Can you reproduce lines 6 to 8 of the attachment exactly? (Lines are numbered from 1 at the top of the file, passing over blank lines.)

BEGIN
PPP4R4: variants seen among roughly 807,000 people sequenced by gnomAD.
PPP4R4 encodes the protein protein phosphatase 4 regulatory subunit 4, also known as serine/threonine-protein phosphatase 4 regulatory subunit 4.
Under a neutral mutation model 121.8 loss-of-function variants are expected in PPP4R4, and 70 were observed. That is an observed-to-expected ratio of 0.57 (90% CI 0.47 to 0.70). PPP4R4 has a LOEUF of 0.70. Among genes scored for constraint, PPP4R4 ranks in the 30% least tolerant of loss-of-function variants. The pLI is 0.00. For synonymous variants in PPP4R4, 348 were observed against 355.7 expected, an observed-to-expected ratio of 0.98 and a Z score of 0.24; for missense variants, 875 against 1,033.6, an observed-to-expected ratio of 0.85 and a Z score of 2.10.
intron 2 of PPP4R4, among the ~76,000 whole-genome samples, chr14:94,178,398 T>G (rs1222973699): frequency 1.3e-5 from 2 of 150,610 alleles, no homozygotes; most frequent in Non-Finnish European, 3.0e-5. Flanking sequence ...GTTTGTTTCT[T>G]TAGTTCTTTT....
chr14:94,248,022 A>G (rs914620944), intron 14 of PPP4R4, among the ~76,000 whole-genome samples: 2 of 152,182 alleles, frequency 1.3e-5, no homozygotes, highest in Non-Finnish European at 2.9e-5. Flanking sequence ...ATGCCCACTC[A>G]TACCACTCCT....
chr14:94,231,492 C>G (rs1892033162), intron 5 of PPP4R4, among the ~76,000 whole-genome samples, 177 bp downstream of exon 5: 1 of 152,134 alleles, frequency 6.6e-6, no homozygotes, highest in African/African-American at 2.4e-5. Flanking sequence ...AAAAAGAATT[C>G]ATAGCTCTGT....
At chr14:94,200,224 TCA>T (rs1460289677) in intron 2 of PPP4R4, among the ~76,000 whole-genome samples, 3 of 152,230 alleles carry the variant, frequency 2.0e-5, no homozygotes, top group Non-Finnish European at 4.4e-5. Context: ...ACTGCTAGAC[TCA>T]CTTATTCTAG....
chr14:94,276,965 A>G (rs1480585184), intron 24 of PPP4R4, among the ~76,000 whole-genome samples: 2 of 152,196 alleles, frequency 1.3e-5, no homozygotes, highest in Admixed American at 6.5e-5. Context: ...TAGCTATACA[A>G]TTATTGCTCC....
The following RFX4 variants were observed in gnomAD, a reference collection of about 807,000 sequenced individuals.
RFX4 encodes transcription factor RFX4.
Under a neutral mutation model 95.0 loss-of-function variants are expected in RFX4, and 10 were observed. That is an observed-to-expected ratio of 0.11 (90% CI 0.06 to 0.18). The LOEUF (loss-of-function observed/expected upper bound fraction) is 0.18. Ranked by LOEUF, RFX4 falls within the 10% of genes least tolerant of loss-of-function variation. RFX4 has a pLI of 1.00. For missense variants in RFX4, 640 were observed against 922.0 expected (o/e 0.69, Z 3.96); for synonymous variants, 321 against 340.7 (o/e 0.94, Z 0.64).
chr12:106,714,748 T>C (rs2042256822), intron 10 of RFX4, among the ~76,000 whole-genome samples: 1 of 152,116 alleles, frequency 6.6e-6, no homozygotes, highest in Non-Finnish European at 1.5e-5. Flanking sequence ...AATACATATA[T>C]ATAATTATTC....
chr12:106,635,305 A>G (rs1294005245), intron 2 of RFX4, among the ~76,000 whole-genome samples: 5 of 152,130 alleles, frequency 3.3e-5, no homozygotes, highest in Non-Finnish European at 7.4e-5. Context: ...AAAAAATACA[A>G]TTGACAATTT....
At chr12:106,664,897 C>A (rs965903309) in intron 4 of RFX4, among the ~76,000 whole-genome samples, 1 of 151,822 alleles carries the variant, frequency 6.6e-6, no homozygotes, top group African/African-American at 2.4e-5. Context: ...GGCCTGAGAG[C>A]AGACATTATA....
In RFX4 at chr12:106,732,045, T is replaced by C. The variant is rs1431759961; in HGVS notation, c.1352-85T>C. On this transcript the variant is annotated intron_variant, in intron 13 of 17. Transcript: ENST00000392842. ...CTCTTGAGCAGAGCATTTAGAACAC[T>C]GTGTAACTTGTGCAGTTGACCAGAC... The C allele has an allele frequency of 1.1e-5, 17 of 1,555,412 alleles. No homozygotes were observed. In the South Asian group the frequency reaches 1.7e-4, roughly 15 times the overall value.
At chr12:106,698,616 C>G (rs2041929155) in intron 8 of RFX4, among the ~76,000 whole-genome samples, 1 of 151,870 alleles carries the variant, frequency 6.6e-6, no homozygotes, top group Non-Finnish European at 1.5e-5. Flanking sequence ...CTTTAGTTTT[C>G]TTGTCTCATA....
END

chr14:94,231,492 C>G (rs1892033162), intron 5 of PPP4R4, among the ~76,000 whole-genome samples, 177 bp downstream of exon 5: 1 of 152,134 alleles, frequency 6.6e-6, no homozygotes, highest in African/African-American at 2.4e-5. Flanking sequence ...AAAAAGAATT[C>G]ATAGCTCTGT....
At chr14:94,200,224 TCA>T (rs1460289677) in intron 2 of PPP4R4, among the ~76,000 whole-genome samples, 3 of 152,230 alleles carry the variant, frequency 2.0e-5, no homozygotes, top group Non-Finnish European at 4.4e-5. Context: ...ACTGCTAGAC[TCA>T]CTTATTCTAG....
chr14:94,276,965 A>G (rs1480585184), intron 24 of PPP4R4, among the ~76,000 whole-genome samples: 2 of 152,196 alleles, frequency 1.3e-5, no homozygotes, highest in Admixed American at 6.5e-5. Context: ...TAGCTATACA[A>G]TTATTGCTCC....